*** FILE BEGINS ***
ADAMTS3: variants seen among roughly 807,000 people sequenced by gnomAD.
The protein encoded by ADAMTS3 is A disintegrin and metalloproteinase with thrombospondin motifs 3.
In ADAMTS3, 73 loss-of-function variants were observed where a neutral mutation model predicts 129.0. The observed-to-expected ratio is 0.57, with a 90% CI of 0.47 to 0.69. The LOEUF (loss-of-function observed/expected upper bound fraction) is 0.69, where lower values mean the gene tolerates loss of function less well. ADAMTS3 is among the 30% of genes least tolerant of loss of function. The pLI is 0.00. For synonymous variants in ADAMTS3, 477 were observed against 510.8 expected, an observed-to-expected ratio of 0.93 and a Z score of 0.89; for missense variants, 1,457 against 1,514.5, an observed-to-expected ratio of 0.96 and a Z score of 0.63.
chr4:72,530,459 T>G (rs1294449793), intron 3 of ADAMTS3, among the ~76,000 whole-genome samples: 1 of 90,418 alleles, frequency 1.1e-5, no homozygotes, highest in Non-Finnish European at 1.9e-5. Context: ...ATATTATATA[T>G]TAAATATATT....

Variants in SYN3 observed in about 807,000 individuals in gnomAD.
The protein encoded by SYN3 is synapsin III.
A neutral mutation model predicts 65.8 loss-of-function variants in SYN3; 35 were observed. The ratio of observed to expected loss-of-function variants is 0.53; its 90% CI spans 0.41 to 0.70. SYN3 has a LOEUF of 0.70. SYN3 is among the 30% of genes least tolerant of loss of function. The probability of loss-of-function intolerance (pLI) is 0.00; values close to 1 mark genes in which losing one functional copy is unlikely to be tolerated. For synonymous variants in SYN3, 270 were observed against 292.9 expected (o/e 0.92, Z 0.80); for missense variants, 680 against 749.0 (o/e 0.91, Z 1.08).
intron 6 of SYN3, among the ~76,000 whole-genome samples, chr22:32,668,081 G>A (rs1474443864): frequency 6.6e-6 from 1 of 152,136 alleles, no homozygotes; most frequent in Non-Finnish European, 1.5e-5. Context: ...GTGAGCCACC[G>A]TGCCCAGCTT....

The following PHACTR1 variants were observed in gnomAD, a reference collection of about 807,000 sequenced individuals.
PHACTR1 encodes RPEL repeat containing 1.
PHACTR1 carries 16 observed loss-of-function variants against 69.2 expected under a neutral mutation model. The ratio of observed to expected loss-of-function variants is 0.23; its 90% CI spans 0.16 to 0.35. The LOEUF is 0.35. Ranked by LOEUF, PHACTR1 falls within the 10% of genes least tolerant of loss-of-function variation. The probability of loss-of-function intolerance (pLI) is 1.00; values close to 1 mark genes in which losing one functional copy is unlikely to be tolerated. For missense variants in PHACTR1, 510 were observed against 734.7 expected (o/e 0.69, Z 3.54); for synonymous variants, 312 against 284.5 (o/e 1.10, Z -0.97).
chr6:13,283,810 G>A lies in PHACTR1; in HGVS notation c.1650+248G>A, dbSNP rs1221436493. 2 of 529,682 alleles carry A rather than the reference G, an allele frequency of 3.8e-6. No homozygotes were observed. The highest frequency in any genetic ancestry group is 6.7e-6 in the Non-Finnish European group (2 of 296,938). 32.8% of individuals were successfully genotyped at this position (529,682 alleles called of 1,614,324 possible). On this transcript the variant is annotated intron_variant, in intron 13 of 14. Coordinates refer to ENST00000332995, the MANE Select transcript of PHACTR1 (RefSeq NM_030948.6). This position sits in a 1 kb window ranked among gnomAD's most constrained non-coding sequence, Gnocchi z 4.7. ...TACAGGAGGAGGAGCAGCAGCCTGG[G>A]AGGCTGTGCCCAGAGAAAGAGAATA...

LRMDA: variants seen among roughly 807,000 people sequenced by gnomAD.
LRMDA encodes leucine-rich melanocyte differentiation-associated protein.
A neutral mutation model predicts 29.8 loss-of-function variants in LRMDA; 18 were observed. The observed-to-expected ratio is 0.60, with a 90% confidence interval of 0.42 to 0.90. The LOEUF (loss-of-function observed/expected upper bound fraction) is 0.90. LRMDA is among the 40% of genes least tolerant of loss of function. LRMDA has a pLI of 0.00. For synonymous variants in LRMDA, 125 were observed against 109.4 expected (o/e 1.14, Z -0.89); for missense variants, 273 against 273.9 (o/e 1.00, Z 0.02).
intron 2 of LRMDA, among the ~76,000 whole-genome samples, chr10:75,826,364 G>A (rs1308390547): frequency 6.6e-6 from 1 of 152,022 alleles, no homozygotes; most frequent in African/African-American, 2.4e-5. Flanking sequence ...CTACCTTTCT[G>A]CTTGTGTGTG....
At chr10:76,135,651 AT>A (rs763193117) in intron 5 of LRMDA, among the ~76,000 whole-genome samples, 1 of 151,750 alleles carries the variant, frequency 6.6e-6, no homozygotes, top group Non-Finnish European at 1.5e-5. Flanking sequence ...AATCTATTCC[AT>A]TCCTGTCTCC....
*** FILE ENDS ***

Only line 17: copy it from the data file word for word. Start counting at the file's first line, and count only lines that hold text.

At chr10:76,135,651 AT>A (rs763193117) in intron 5 of LRMDA, among the ~76,000 whole-genome samples, 1 of 151,750 alleles carries the variant, frequency 6.6e-6, no homozygotes, top group Non-Finnish European at 1.5e-5. Flanking sequence ...AATCTATTCC[AT>A]TCCTGTCTCC....